Iron Works, a 5.5-Acre, Four-Building Life Science Campus on Dot Ave. Gains BPDA Approval
Posted By: Boston City Properties
More big changes are on the horizon for Dorchester Avenue between the Broadway and Andrew MBTA Red Line stations. On December 17, the Boston Planning and Development Agency approved plans filed by Newton-based developer National Development for a sprawling lab and residential campus. An extension of the developer’s overarching Iron Works mixed-use development, which has already seen a lot of development along 10-80 Colony Avenue, the newly approved 1.1-million-square-foot project will consist of four buildings – two for labs and offices, two for housing – across 5.4 acres.
The plans approved by the BPDA call for the construction of 623,000 square feet of life science lab and office space across two buildings and a combined 310 housing units across two additional buildings. The structures will be located at 325-365 Dorchester Avenue and will also include approximately 50,000 square feet of retail and restaurant space.
Originally, the developer proposed a single residential building for the site. However, after considering the 5.4-acre site as a whole, the matter was given more consideration. After receiving feedback from the community at large and the BPDA, National Development opted to make different use of the site, which long served as the crane yard for Marr Cos. Ultimately, the developer chose to reduce building heights and open up space at the ground level. Today, there is overwhelming support and enthusiasm for the plans among the community.
Iron Works is one of several projects being born from the development of the BPDA’s Plan: Dot Ave., a study highlighting development opportunities between the Broadway and Andrew MBTA stations. Finalized by the agency in 2016, the plan allows for taller buildings and calls for 12 to 16 million square feet of new development – more than half of it housing – across the 144-acre area. Buildings in the development area may range from 141 feet to 200 feet in height and between 11 and 20 stories.
National Development has already made its mark on the area included in Plan: Dot Ave., as evidenced by its work at the former home of Cole Hersee’s office, distribution and manufacturing facilities along Colony Avenue. The former electrical manufacturing factory has been converted into various retail establishments, including the production facility and retail storefront for Tatte Bakery & Café. Other tenants who have already moved in include Rock Spot Climbing and a Castle Island Brewing Co. taproom. More tenants are already in line to move into the site.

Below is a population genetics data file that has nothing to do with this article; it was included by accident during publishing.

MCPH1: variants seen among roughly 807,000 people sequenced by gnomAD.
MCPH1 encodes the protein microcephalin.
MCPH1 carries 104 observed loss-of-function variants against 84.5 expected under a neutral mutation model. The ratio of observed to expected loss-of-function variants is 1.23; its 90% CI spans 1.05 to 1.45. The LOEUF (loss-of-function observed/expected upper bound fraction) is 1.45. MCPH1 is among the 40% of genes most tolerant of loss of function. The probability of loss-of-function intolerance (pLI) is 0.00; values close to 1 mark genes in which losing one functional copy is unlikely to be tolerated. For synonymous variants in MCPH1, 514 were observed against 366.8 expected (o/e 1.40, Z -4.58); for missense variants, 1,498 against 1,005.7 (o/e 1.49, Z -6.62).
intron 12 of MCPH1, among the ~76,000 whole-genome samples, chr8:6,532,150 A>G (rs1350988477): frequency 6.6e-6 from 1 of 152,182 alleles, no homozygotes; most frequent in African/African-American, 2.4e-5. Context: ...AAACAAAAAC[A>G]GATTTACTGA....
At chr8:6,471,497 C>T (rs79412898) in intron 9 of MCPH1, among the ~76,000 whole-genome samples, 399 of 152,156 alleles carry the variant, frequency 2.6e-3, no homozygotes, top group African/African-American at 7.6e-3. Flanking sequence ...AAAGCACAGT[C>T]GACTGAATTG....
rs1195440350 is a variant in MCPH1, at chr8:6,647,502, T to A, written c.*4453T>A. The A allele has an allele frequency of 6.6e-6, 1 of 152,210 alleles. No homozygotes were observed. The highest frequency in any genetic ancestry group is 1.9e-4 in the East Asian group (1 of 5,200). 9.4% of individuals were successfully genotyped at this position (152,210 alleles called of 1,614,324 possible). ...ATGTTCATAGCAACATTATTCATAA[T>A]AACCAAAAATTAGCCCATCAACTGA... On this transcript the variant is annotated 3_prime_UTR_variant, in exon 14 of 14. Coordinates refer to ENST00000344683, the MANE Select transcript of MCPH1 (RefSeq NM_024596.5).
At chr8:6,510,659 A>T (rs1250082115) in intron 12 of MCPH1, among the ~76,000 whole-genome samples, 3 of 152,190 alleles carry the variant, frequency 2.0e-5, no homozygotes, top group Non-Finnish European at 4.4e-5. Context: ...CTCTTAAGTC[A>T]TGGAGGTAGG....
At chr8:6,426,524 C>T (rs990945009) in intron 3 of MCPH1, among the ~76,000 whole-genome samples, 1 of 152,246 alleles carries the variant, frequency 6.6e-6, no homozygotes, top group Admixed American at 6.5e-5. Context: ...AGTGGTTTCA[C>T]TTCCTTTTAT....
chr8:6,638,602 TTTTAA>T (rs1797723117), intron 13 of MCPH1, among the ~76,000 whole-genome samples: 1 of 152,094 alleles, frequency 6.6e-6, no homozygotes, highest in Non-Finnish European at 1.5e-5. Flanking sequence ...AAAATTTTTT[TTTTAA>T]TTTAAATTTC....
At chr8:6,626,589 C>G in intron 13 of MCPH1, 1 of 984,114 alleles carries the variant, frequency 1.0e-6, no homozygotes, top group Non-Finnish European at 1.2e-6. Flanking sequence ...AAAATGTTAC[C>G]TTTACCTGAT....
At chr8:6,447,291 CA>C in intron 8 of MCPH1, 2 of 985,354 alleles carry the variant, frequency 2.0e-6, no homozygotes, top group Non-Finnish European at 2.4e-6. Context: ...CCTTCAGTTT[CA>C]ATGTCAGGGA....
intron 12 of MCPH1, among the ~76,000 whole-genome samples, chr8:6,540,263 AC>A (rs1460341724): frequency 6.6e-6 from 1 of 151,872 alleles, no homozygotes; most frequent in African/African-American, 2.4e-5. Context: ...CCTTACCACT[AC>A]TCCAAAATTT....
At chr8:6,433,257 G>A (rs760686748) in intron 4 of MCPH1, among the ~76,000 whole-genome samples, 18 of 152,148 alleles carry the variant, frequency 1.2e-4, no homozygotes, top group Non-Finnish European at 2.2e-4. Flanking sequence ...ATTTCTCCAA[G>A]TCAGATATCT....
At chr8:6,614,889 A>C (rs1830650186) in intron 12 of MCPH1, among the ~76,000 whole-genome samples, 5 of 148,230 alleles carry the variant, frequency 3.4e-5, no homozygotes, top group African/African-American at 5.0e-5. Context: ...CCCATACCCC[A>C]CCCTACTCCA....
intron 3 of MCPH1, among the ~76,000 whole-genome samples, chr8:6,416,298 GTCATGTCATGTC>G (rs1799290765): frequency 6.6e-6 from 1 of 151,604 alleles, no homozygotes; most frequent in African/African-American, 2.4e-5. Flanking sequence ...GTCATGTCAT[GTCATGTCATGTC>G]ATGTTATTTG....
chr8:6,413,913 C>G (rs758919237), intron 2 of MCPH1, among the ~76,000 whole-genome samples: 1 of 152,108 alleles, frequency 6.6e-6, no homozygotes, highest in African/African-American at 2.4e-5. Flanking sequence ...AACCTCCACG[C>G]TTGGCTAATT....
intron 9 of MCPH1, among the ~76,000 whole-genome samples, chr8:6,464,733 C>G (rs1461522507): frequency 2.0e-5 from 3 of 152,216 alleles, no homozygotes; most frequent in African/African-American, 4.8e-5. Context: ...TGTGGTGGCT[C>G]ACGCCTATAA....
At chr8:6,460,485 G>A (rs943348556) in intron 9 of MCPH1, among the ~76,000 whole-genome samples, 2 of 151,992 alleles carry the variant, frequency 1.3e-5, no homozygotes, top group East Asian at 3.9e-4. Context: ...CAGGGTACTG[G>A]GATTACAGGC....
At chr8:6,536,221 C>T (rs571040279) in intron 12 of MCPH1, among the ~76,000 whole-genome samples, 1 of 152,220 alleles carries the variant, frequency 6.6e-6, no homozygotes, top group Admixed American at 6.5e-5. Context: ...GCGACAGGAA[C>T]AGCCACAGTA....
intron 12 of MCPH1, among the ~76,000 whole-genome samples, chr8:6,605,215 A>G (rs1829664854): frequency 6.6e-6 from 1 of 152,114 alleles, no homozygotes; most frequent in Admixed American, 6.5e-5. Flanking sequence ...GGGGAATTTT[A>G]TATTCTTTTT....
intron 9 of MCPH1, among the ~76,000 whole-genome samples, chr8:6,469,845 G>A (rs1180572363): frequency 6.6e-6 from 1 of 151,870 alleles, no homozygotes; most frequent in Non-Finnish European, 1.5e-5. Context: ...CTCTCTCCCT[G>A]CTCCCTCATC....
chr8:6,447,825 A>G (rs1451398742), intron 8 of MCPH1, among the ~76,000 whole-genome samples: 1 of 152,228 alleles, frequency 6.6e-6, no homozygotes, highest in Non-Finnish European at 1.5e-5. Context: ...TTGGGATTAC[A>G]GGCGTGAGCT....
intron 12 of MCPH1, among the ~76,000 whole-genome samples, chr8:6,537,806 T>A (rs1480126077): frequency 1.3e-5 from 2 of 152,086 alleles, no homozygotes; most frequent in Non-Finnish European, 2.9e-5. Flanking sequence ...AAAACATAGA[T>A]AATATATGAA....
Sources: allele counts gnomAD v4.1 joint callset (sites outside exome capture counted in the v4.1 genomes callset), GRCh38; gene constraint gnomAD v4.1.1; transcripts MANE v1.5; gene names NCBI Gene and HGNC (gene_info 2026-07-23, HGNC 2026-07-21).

Several other small residential developments are currently underway in the development zone. Another large project proposed to the south, closer to the Andrew MBTA station, would add more office space to the area. On top of that, construction began earlier this year on Washington Village, a 746-unit apartment development on the east side of Dorchester Avenue.
The proposed four-building development approved by the BPDA a few days ago will be the first large-scale, ground-up development phase for Plan: Dot Ave. Situated west of the Cole Hersee site, it is being developed on the site of the former South Boston Iron Works, which was incorporated in 1827 and lent its name to the new development.
Without question, the new development along 325-365 Dot Ave. will be the largest yet along the corridor, which has mostly seen the construction of mid-rise apartment and condo buildings in recent years. Since it includes office and lab space, it will undoubtedly bring new jobs to South Boston – something that was cited by community members repeatedly during negotiations. The 5.4-acre project will add new streets and open spaces to the neighborhood, including bicycle lanes and pedestrian improvements along Dot Avenue. These changes reflect the changes wrought by the pandemic, which have increased demand for open spaces and greater work-life flexibility. They will also help create a cohesive new neighborhood that ties into the rest of the region.
The design team for the project includes Boston-based Elkus Manfredi Architects, Portland, Oregon-based ZGF Architects and Cookfox Architects and Future Green Studio, both out of New York. All told, the four buildings will add 1,073,000 square feet of residential, lab and office space to this stretch of Dorchester Avenue. The 30-month construction project could begin as early as July 2022.